Rising Starr band not hearing any progress

Abri Hausman, Features co-Editor

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When Rising Starr was repainted over the summer, the soundboards were taken down from the band room and have not yet been replaced. The soundboards in the band room are used to reduce the sound in the room to protect the students ears. Without the soundboards the students’ developing ears can suffer permanent damage.

Repeated exposure to noise above 85 decibels can cause permanent hearing damage.”

— U.S. National Library of Medicine

“A normal conversation in [the band room] can reach 80 decibels,” Rising Starr band director Jennifer Duerkoop said. “And when the children are playing, the concrete reverberates the noise and makes it even louder.”

According to the U.S. National Library of Medicine, repeated exposure to noise above 85 decibels can cause permanent hearing damage.

Duerkoop is trying her best to protect the students ears and is planning to buy each of them earplugs with her own money. Without any protection for their ears the students are being exposed to over 100 decibels every day when they play their instruments.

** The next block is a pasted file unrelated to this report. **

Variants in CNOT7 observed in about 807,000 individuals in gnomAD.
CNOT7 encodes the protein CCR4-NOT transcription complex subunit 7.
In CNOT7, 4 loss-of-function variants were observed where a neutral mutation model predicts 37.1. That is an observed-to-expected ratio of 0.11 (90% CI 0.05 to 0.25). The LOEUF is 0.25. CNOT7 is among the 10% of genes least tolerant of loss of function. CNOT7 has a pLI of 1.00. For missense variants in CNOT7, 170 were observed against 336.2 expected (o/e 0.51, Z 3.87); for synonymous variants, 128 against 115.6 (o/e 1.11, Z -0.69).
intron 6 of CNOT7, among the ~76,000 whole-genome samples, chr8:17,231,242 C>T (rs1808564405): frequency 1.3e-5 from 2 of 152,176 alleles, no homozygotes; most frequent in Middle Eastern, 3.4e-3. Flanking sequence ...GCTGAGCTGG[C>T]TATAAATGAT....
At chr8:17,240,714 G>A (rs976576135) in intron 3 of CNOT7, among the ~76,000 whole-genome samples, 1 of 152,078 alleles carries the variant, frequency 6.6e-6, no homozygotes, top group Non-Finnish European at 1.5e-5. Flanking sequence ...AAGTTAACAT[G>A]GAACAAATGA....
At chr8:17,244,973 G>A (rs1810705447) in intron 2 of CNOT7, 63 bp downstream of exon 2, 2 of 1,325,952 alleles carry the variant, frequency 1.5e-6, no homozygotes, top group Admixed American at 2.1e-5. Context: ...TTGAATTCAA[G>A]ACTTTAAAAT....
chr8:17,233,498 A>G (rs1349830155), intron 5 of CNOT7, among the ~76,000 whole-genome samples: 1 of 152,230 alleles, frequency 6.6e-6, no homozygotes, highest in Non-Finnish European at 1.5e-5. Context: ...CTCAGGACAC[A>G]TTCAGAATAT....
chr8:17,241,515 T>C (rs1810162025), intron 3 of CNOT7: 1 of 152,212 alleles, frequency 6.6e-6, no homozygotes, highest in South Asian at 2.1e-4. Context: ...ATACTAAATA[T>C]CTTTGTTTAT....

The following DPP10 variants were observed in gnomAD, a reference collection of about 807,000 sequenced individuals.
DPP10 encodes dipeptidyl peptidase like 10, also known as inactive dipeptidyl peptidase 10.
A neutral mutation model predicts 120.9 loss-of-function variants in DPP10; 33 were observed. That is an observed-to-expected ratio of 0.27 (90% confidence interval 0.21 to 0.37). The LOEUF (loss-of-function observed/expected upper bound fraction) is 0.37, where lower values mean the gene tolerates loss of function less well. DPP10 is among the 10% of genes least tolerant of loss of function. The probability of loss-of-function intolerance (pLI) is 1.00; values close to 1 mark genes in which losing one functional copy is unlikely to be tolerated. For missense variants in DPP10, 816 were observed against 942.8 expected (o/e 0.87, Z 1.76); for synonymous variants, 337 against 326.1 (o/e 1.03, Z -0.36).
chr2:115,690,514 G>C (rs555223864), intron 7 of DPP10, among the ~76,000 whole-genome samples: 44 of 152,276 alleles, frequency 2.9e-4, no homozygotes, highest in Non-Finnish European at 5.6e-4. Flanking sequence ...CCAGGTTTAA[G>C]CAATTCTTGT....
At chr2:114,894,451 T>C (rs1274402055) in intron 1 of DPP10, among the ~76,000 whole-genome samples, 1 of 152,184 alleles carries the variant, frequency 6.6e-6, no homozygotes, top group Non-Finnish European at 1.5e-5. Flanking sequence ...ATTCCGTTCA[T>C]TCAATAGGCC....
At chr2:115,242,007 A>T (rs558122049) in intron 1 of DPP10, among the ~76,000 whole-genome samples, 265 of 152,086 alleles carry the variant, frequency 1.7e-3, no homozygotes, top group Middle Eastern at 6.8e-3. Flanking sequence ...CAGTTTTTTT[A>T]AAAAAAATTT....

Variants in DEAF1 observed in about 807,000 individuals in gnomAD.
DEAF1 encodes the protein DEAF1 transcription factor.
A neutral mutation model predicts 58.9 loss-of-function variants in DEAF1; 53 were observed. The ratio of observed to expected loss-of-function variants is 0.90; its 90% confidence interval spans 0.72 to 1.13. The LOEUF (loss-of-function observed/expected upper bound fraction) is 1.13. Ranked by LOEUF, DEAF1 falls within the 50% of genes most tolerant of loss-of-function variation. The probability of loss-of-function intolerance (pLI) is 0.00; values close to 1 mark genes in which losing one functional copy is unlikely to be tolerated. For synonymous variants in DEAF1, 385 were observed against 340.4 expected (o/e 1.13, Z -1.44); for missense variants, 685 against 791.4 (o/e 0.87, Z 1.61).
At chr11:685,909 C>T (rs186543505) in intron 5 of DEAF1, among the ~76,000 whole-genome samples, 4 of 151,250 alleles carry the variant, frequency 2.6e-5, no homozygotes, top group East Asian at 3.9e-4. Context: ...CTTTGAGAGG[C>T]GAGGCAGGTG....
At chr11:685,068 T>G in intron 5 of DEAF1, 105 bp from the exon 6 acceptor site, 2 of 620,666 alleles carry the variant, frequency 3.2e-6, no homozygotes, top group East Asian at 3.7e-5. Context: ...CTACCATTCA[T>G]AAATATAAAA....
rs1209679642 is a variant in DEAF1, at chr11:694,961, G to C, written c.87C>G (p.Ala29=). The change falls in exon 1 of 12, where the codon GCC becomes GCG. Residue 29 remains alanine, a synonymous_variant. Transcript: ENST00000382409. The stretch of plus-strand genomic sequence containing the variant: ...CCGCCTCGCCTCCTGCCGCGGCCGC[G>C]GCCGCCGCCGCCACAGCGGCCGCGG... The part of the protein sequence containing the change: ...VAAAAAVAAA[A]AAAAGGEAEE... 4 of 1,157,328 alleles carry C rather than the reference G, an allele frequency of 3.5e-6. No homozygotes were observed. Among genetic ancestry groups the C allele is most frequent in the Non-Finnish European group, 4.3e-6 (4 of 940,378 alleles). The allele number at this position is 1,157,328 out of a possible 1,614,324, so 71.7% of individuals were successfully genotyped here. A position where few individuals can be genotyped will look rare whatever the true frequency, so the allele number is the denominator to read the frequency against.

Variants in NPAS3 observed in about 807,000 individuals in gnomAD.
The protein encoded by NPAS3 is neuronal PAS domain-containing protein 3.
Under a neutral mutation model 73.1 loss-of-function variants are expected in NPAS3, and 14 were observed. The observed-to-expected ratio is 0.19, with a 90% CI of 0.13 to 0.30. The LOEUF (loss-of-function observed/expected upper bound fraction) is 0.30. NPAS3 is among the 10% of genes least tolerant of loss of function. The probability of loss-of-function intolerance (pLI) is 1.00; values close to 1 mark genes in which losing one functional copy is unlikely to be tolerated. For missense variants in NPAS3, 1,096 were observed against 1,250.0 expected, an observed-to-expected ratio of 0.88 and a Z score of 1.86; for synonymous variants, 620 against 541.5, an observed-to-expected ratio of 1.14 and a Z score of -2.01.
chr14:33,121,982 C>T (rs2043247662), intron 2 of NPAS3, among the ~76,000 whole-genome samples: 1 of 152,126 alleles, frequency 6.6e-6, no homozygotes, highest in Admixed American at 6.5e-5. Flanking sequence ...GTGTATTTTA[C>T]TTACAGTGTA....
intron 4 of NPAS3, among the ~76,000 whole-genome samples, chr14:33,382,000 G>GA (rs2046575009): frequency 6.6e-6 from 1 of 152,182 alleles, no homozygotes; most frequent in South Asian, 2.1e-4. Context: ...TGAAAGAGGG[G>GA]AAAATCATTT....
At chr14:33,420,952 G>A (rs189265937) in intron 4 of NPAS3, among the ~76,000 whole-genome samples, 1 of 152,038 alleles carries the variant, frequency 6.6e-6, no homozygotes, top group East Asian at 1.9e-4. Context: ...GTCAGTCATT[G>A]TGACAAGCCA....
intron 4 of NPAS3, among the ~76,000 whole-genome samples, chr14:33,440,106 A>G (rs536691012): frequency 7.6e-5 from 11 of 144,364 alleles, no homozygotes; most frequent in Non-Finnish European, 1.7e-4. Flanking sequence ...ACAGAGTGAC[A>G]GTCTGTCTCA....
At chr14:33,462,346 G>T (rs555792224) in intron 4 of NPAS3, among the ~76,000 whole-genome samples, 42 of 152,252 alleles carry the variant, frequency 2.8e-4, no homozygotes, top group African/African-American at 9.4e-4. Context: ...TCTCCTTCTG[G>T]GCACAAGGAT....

Normally the band room is equipped with the soundboards to protect against the deafening noise, but they were taken down and kept in the middle of the room while Meja Construction started repainting the room. They were moved down the hall so the students wouldn’t have to play their instruments with the soundboards in the middle of the room.

The chorus room then decided to use those soundboards. Duerkoop allowed the switch because the Fayette County Board of Education had promised the band new soundboards. Almost a semester later, the band has none of the soundboards they were promised.

The students will continue to be at risk of permanent hearing damage until FCBOE follows through with their plan to replace the soundboards.

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